Edmond Life & Leisure • March 22, 2018 • Page 15
‘Battle of the Sexes’ not bad but not very memorable either
By George Gust Years ago, in the days of the overstocked aisles of your local Blockbuster or Hollywood Video, I felt like I had a pretty good bead on what movies were coming out and especially the ones starring my favorite actors and actresses. Fast forward to now with the consistent barrage of Netflix movies dropping in out of nowhere and smaller films with big stars it can be difficult to tell the passion projects from the quick cash grabs. "Battle of the Sexes" is an example of this new age of independent smaller films that feel bigger than self-proclaimed chauvinist. Carrel steals most every practically straight to video. scene he's in and delivers plenty of comedic mo“Battle of the Sexes” tells the true story of the ments that stand out from the rest of the film. famous 1973 tennis match between women’s Overall, "Battle of the Sexes" give an entertainWorld No. 1 Billie Jean King (Emma Stone) and ex- ing and fleshed out retelling of a famous sporting men’s-champ and serial hustler, 55 year old, Bobby event that holds a significant meaning for a signifiRiggs (Steve Carell). “Battle of the Sexes” chronicant amount of people. However, the more overcles the personal struggles of each Billie and Bobby dramatized and on the nose technique employed leading up to the famed match. to tackle the social message the filmmakers were "Battle of the Sexes" provides a healthy amount aiming for hold this film back from being truly of context surrounding the titular tennis match in memorable. There is a lot to like about "Battle of terms of the social climate of the time with the the Sexes"; the performances of Stone and Carrel, women's liberation movement and the general atti- groovy 70's soundtrack and the interesting and tude towards women and women's sports. A major compelling way they filmed the actual tennis flaw of this film is the over emphasizing the film's scenes, but you'll ultimately forget about this altruistic message of gender equality and acceptmovie shortly after watching. It's worth a 24 hour ance instead of focusing on a compelling story first rental if you've enjoyed the work of the two leads letting the message speak for itself. The film feels in the past. too on the nose with its core ideas, featuring ham"Battle of the Sexes" is rated PG-13 for some fisted dialogue that falls flat and doesn't do service sexual content and partial nudity and available to the fantastic performances from the immensely now On Demand. talented leads. The saving grace of this film is the performances 2.7 out of 5 stars of Stone and Carrel as the competitors at the center of the momentous media circus tennis exhibition. In many ways it feels like this is Stone's film featuring occasional appearances by Carrel's Riggs character. Stone is quite good as the divisive sports figure, King, she was able to add nuance to a character who at this point in her life had been a rather private superstar. With Stone's portrayal of King providing the emotional core of the Steve Carrell, right, is among the stars in ‘Battle of the Sexes.’ movie, this allows Carrel to have a ton of fun portraying the over the top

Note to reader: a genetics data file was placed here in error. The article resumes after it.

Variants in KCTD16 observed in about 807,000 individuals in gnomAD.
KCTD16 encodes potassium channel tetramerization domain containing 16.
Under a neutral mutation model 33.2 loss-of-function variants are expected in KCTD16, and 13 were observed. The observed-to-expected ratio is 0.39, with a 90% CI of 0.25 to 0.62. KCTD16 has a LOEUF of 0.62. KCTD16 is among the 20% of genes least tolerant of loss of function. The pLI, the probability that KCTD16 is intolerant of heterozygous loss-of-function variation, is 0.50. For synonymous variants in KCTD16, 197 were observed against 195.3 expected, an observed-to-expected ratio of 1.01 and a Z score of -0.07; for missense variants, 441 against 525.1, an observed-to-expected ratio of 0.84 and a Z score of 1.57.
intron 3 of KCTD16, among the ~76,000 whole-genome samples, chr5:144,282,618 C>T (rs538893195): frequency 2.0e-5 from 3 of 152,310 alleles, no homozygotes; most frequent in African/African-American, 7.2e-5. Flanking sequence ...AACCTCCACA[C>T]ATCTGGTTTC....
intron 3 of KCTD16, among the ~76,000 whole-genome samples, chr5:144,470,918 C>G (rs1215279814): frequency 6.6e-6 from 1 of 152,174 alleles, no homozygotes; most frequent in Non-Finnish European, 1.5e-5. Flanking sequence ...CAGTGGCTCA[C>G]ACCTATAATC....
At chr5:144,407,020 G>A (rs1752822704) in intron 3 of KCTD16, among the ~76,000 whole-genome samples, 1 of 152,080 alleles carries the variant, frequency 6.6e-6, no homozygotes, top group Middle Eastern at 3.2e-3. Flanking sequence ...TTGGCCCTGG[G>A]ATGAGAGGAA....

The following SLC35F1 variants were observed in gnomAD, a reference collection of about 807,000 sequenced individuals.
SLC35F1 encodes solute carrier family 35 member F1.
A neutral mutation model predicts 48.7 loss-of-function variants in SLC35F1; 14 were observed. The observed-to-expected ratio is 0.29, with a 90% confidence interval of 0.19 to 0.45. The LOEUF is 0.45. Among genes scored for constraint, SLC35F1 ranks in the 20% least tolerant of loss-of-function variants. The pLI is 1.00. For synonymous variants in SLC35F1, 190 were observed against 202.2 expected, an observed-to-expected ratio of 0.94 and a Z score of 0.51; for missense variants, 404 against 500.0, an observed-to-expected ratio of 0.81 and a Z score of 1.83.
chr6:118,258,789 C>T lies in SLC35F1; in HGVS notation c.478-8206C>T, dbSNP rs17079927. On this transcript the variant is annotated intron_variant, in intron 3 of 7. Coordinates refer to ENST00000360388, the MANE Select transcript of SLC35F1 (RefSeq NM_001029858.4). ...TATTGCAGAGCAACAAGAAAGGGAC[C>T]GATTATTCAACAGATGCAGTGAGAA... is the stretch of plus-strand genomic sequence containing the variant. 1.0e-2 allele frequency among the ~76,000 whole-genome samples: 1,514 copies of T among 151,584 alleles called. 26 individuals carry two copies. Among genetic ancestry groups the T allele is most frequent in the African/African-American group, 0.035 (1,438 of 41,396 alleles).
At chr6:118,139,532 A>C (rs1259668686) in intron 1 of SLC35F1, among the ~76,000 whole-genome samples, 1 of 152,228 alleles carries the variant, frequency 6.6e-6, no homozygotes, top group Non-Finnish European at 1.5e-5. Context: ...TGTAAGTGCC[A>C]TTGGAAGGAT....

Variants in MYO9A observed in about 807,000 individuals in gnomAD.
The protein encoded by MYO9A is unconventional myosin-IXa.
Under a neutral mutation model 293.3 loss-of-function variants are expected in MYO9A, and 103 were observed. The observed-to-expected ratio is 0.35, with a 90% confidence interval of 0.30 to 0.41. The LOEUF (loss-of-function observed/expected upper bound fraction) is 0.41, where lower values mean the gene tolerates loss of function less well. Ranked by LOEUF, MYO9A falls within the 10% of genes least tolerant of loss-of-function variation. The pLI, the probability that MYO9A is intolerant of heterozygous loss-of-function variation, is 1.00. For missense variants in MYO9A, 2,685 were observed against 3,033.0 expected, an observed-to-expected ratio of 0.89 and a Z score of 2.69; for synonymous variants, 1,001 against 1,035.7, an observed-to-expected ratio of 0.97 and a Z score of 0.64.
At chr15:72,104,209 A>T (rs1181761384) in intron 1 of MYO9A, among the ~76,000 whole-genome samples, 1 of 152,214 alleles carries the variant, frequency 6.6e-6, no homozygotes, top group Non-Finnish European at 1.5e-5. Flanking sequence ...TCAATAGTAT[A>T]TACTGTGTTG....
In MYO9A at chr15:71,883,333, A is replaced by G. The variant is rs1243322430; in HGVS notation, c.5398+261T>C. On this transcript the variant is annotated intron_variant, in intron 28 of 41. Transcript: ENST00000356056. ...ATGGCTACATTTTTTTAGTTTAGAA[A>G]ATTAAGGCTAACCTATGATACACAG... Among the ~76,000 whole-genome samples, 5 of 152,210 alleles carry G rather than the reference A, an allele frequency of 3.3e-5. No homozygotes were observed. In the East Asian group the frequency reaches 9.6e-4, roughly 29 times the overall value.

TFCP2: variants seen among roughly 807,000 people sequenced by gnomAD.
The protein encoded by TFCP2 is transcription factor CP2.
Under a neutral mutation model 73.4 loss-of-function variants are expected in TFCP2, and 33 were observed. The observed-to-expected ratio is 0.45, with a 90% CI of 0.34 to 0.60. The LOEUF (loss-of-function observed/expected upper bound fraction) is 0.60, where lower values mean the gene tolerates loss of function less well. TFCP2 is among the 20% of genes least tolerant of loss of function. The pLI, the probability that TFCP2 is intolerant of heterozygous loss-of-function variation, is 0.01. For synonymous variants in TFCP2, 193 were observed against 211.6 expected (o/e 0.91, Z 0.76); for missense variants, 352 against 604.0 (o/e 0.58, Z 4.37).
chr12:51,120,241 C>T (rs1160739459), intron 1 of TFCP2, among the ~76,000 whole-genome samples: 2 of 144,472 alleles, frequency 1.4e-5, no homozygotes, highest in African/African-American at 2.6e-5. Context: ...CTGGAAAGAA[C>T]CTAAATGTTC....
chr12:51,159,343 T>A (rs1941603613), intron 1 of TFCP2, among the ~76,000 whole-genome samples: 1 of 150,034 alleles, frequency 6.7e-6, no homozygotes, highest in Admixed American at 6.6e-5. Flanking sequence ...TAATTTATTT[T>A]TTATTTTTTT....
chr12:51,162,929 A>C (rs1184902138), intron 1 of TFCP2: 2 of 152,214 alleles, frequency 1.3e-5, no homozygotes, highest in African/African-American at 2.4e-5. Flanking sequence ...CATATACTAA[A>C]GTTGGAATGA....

From Page 14 modate up to 10 firefighters, two officers and eight non-officers. The new station is west of the railroad tracks and is expected to reduce call times, Denton said. Landmark Construction Group is overseeing the $4,224,403 project, which was approved by the Edmond City Council on Monday. An emergency medical service triage room will be included in the new building. This is the first time a room will be designated to evaluate people's medical conditions if they coe to the station. The station will replace the current station on S Broadway, which was built in 1974. The new address is 1025 W 15. ERIECH TAPIA NewsOK.com
Crossword Puzzle STATEPOINT CROSSWORD
capital 73. Fit out again
THEME: BEFORE AND AFTER
DOWN 1. Locker room supply 2. Caspian feeder 3. Denim innovator 4. Foolish 5. *Before - flour, water, shortening; After - ____ 6. Announce Red Alert 7. *Before - Clay; After ____ 8. Brazilian dance 9. Kind of lettuce 10. Turkish honorific 11. Channel marker 12. Always, in verse 15. Run around 20. Artemis' companion 22. Middle-earth creature 24. Organic matter used as fuel 25. *Before - ____; After Myanmar 26. "Encore!" 27. Move furtively 29. Muscle or strength 31. #17 Across, pl. 32. Quarter side, pl.